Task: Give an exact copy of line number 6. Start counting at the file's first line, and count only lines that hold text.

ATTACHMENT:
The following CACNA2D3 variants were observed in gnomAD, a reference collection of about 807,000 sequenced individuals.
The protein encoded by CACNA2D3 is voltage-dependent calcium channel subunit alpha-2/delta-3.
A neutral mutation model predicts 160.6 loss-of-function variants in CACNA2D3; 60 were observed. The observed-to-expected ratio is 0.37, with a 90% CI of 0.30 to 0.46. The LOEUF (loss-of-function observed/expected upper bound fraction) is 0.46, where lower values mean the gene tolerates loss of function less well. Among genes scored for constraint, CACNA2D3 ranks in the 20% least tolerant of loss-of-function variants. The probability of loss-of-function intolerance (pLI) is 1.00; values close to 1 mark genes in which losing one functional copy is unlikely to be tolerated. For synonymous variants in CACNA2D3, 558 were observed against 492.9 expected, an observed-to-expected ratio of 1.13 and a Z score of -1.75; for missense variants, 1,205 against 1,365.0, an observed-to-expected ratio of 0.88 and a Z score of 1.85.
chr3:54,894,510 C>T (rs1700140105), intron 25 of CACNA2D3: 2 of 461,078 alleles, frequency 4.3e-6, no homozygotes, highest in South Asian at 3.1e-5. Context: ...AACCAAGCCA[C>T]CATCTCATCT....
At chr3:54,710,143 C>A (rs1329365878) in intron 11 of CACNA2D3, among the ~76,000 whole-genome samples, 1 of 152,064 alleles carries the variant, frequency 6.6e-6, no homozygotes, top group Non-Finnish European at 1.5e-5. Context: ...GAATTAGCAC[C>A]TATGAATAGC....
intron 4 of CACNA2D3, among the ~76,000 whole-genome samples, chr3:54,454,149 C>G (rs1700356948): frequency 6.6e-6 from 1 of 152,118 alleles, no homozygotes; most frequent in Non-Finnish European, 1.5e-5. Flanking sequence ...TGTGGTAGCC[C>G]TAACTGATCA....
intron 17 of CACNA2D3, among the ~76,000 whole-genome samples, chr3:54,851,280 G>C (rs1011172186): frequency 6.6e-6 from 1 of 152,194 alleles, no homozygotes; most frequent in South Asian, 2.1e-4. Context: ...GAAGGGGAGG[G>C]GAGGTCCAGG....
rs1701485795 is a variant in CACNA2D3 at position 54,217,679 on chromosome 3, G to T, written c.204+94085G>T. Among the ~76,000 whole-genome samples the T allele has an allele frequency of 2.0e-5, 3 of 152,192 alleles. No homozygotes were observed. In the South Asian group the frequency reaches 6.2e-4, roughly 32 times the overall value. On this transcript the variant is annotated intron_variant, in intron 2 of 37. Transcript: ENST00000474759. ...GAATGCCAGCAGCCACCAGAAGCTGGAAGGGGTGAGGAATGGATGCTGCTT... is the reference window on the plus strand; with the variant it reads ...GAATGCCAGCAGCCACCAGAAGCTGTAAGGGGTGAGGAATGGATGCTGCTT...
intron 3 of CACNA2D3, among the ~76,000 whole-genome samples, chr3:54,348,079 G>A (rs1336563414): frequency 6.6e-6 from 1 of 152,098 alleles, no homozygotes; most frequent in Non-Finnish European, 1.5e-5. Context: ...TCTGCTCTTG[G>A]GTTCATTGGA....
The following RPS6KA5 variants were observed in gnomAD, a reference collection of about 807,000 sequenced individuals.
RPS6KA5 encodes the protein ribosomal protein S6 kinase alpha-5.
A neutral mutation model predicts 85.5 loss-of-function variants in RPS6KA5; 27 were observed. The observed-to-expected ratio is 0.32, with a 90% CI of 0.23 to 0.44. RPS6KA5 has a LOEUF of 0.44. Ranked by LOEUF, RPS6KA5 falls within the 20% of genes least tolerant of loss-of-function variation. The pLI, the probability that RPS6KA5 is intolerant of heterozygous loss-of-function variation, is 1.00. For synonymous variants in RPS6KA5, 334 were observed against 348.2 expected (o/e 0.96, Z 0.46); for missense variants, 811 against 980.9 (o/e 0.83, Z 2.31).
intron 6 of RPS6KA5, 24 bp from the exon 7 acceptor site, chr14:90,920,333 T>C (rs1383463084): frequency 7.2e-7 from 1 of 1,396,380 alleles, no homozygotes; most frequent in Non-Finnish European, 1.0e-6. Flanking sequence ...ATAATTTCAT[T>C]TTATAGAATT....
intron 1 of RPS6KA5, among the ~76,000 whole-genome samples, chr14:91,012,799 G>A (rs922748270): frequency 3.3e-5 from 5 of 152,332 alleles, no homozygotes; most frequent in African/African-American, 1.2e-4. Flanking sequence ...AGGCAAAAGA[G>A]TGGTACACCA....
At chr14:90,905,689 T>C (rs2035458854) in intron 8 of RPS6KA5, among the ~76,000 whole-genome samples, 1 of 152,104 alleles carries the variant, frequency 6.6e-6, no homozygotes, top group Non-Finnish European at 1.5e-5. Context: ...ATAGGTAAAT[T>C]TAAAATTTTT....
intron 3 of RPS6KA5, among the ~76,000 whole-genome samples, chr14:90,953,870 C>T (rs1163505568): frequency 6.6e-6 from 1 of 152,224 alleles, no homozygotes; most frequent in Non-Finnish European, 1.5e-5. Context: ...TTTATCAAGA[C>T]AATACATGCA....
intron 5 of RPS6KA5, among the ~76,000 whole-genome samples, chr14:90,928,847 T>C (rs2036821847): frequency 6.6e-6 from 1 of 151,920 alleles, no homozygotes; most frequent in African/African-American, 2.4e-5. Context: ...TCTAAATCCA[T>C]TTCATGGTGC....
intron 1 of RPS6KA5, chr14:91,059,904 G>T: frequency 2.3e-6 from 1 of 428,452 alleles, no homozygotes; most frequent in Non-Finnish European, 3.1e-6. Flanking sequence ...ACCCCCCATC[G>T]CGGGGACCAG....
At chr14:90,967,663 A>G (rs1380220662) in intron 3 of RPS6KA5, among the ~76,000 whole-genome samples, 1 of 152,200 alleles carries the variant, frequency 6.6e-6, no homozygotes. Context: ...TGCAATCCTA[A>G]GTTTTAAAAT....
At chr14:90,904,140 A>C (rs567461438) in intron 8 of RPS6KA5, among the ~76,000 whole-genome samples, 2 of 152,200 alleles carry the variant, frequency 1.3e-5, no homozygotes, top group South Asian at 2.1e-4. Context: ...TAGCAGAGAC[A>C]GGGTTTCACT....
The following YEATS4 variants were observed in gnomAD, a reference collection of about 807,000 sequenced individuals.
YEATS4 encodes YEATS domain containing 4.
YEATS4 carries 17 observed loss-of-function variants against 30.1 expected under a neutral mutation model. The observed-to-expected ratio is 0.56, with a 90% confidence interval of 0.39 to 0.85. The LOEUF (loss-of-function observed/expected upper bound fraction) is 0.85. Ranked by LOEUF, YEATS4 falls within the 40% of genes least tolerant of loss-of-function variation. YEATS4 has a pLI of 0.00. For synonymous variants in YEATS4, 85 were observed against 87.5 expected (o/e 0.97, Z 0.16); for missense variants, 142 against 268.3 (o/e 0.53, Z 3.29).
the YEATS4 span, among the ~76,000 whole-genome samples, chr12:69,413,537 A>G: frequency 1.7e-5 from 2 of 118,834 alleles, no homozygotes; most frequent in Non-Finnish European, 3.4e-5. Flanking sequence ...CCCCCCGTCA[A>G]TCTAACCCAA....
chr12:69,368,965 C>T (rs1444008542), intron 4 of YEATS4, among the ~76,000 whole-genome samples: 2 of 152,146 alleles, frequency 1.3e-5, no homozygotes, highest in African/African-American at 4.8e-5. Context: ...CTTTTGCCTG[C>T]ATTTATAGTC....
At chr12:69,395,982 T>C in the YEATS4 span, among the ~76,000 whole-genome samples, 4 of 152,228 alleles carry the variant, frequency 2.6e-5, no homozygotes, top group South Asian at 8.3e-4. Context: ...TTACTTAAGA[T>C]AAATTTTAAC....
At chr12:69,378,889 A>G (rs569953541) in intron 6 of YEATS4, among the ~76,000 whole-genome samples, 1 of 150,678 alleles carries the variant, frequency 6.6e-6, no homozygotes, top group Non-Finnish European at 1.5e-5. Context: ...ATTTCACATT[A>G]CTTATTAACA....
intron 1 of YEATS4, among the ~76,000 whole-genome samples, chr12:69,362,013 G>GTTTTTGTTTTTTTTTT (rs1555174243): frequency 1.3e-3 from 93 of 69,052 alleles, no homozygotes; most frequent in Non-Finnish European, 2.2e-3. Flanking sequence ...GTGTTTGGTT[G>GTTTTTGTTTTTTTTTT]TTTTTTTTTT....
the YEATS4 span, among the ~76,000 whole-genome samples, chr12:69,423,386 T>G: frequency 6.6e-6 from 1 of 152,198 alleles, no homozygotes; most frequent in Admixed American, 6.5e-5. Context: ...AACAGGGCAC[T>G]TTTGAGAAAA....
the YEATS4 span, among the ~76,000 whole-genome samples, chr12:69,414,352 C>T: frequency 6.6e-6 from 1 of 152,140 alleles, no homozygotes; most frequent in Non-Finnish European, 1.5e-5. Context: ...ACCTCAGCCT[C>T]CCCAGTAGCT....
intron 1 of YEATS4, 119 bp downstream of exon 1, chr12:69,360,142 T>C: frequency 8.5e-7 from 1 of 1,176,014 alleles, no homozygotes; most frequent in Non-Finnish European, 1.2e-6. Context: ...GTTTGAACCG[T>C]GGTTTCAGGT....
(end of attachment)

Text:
intron 4 of CACNA2D3, among the ~76,000 whole-genome samples, chr3:54,454,149 C>G (rs1700356948): frequency 6.6e-6 from 1 of 152,118 alleles, no homozygotes; most frequent in Non-Finnish European, 1.5e-5. Flanking sequence ...TGTGGTAGCC[C>G]TAACTGATCA....